Now I know why I was such an obedient child ;). It all stems from a poem my mother used to read to us at night that was TERRIFYING! She’d open up this ancient book and read the poem from a piece of tattered newspaper taped to the inside cover. The book belonged to my great-grandmother and it’s called The Best Loved Poems of the American People, Copyright 1936.
I remember the goosebumps I’d get and can still hear my mom’s voice when she read us this poem that was so scary, it gave me nightmares. (Thanks a lot, mom!)
The poem is called “Little Orphant Annie” and it inspired the beloved “Annie” character of movie, radio and comic strip fame. It was written in 1885 by James Whitcomb Riley who wrote his rhymes in nineteenth century Hoosier dialect.
The stories in the poem each tell of a naughty child who is snatched away by goblins as a result of their misbehavior. The underlying moral and warning is announced in the final stanza, telling children that they should obey their parents and be kind to the unfortunate, lest they suffer the same fate.
Now a parent to three young children, I’m starting to believe my mom had ulterior motives in reading us this rhyme and I thought I’d share it with you to set a spooky tone for this gray and chilly Halloween night…
Little Orphant Annie
by James Whitcomb Riley
Little Orphant Annie’s come to our house to stay, An’ wash the cups an’ saucers up, an’ brush the crumbs away, An’ shoo the chickens off the porch, an’ dust the hearth, an’ sweep, An’ make the fire, an’ bake the bread, an’ earn her board-an’-keep; An’ all us other childern, when the supper things is done, We set around the kitchen fire an’ has the mostest fun A-list’nin’ to the witch-tales ‘at Annie tells about, An’ the Gobble-uns ‘at gits you Ef you Don’t Watch Out! Onc’t they was a little boy wouldn’t say his prayers,-- So when he went to bed at night, away up stairs, His Mammy heerd him holler, an’ his Daddy heerd him bawl, An’ when they turn’t the kivvers down, he wasn’t there at all! An’ they seeked him in the rafter-room, an’ cubby-hole, an’ press, An’ seeked him up the chimbly-flue, an’ ever’wheres, I guess; But all they ever found was thist his pants an’ roundabout-- An’ the Gobble-uns’ll git you Ef you Don’t Watch Out! An’ one time a little girl ‘ud allus laugh an’ grin, An’ make fun of ever’one, an’ all her blood an’ kin; An’ onc’t, when they was “company," an’ ole folks was there, She mocked ‘em an’ shocked ‘em, an’ said she didn’t care! An’ thist as she kicked her heels, an’ turn’t to run an’ hide, They was two great big Black Things a-standin’ by her side, An’ they snatched her through the ceilin’ ‘fore she knowed what she’s about! An’ the Gobble-uns’ll git you Ef you Don’t Watch Out! An’ little Orphant Annie says when the blaze is blue, An’ the lamp-wick sputters, an’ the wind goes woo-oo! An’ you hear the crickets quit, an’ the moon is gray, An’ the lightnin’-bugs in dew is all squenched away,-- You better mind yer parents, an’ yer teachers fond an’ dear, An’ churish them ‘at loves you, an’ dry the orphant’s tear, An’ he’p the pore an’ needy ones ‘at clusters all about, Er the Gobble-uns’ll git you Ef you Don’t Watch Out!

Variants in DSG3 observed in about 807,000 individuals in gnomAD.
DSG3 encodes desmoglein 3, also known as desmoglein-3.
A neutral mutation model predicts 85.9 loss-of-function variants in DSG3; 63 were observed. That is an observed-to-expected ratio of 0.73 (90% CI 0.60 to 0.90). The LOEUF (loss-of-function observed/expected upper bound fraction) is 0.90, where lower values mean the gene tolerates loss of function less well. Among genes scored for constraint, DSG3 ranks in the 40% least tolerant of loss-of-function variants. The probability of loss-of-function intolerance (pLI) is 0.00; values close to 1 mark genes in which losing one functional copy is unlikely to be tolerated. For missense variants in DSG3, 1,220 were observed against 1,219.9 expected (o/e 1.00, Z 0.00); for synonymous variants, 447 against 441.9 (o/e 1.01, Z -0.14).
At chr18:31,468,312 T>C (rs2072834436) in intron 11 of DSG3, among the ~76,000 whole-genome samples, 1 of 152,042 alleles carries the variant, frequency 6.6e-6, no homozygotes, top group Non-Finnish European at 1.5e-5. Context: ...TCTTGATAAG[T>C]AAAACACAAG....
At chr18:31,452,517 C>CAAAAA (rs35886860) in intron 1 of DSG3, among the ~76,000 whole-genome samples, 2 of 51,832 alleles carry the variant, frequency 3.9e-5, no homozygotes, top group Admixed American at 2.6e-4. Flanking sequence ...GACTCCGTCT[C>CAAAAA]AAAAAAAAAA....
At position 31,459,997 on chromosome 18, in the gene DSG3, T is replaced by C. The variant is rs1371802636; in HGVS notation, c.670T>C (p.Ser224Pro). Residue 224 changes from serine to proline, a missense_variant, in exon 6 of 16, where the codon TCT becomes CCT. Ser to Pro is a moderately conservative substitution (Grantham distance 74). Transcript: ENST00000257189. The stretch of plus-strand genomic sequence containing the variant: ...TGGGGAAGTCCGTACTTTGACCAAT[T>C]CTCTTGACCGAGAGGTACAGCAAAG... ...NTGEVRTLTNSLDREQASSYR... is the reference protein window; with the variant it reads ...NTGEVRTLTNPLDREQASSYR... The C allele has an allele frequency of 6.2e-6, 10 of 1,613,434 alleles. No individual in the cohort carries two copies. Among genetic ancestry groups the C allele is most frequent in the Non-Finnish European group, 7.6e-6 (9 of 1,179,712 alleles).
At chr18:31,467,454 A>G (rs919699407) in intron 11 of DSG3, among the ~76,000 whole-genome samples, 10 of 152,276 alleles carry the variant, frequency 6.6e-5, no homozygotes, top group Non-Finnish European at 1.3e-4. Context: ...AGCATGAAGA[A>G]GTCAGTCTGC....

Do you have any favorite poems for Halloween or any day of the year? If so, please share in the comments box below. And just in case the “Little Orphant Annie” poem alone is not quite creepy enough, enjoy this reading by James Whitcomb Riley himself and have a Happy Halloween!